House of Tudor

A charming musical grifter, and hell-raising rock-poster artists

At his recent appearance at the Odeon, Jason Webley stepped out onto the intimate stage wearing a dentist's smock and a white mask, a shock of orange hair sprouting from his cranium and a gleaming accordion strapped to his chest. A halting, metallic voice of the kind typically associated with quadriplegic astrophysicists emanated from him, instructing us to pick up a baby carrot -- or a cherry tomato if we should happen to be allergic to baby carrots -- from a tray being circulated through the club. We were told to hold the carrot in front of our nose and to meditate on the comely root, noting its size, shape, color, and texture. We were cautioned to dismiss any other thoughts that might be conjured by the size and shape of the vegetable; we were invited to close our eyes, thinking always about our carrots. At the count of 10 and with our eyes still closed, we were asked to eat the vegetable, focusing all of our attentiveness on the chewing. The sound started slowly at first, with an unmistakable crunch tentatively emerging from one corner of the house and then spreading throughout the room, until the communal chomping took on a hollow, horselike resonance. Now, I don't know if you've ever closed your eyes in a sweaty nightclub and ingested foodstuff offered by an orange-haired freak with an accordion, but it does something to peel away the comfortable insulation between stage and seat, particularly when accompanied by a little ditty about the relative difficulties of life, death, and dying. Interpersonal contact by carrot.

Webley's fascination with vegetables is not limited to the little orange fellows -- his Web site, www.jasonwebley.com, offers literary, historical, biblical, and personal ruminations on all types of edible plant life -- and neither is his show limited to vegetables. When we opened our eyes, Webley stood before us, a gaunt alley cat of a man, with his face hidden by a trampled fedora and his unthinkably large mouth stretched into a carnival grin. He howled at the rafters and barked at the men; he beat on his accordion with bottles and change, and leapt on the bar, where only a flashlight illuminated his face. He played sideshow waltzes on a barfly's head and taught everyone the pirates' cry. He sang songs about aardvarks and seafaring ports made of ricotta cheese and convinced us to tickle our neighbors. He taught us drinking songs, and when he decided we weren't drunk enough to sing, he told us to look at the ceiling and spin around 12 times. Even nauseated and bruised we were held in his sway, willing fools in the thrall of a musical grifter harboring a genuine gift. Perhaps only once during that expert, delightful cavalcade of Waitsian growls and grinds did Webley lay his true talent bare, offering a slow, worldly lament that brought a shudder to his limbs and another voice to his throat. That tune, like most of those found on his new album, Counterpoint, revealed the delicate poise of a songwriter whose words and melodies carry far more weight than the personality that created them. Not that you should resist singing "Aardvark" with a roomful of goofballs, but you may anticipate much richer delights when Jason Webley performs on Wednesday, Sept. 25, at 21 Grand in Oakland with Lemon Lime Lights, Bass Line Dada, and Aaron Seeman opening at 8 p.m. Tickets are $5-10; call (510) 444-7263.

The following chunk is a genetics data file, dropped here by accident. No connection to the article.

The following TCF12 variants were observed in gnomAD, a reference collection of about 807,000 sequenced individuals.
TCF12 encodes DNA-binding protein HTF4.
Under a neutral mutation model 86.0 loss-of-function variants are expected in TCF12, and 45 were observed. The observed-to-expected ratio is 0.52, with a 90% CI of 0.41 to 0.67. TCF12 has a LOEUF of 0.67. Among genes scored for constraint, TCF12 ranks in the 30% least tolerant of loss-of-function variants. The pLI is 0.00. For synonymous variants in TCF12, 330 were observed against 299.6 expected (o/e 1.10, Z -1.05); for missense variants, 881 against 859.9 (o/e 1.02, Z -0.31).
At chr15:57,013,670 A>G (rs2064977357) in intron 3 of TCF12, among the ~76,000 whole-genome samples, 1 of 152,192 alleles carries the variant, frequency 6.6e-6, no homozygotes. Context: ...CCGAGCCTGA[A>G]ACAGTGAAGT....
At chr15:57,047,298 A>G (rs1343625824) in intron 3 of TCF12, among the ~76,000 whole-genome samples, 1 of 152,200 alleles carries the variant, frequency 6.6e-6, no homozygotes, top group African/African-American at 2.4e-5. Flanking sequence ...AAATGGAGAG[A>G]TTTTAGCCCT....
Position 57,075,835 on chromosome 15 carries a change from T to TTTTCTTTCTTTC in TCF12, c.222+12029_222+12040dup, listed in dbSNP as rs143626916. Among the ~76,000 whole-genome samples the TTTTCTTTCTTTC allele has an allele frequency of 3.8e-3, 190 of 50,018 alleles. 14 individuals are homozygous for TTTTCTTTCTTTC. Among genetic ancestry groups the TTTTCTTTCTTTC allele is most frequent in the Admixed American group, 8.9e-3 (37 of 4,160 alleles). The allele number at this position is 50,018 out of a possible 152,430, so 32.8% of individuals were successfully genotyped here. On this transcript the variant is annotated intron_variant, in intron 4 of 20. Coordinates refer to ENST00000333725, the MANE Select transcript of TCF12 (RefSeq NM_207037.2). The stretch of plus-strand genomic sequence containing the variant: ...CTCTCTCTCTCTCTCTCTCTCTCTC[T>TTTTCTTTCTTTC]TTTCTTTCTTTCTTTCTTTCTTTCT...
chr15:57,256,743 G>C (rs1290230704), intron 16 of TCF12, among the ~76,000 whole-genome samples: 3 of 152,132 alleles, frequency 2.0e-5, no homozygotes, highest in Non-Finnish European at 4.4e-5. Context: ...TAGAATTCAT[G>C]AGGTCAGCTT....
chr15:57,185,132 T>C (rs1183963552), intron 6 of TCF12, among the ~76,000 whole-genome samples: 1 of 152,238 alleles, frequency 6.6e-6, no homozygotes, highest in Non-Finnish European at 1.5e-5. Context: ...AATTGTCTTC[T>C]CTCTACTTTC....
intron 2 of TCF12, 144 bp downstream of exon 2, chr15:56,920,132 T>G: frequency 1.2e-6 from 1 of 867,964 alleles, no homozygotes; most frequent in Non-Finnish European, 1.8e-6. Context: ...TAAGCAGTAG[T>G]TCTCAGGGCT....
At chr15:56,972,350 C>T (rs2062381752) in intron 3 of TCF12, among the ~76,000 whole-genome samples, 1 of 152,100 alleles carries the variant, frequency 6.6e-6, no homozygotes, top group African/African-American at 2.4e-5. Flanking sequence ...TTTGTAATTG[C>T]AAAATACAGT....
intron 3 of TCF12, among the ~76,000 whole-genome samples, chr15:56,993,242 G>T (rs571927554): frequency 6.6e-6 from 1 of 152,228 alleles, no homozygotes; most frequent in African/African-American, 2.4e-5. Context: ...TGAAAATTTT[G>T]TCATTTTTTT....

Jason Webley.
Jeff Harms
Jason Webley.

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You've seen the rock-poster wall, that vibrant point of interest in most San Francisco apartments that proclaims one's superlative, somewhat obscure taste to those who are uninterested in perusing your record collection. The art itself often says as much as -- or, in many sad cases, more than -- the band. By effortlessly employing controversial images that leave more traditional artists squeamish, rock-art poster crafters confront societal creeds at the most grass-roots level. What might happen if all these insurgent minds found themselves together in one place? Organized by Frank Kozik, the Flatstock Poster Convention brings together more than 30 artists from around the world to showcase their work and raise hell on Saturday and Sunday, Sept. 28-29, at Cell Space (2050 Bryant between 18th and 19th streets) from noon to 6 p.m. Admission is free; call 648-7562 or visit www.flatstock.com.

 
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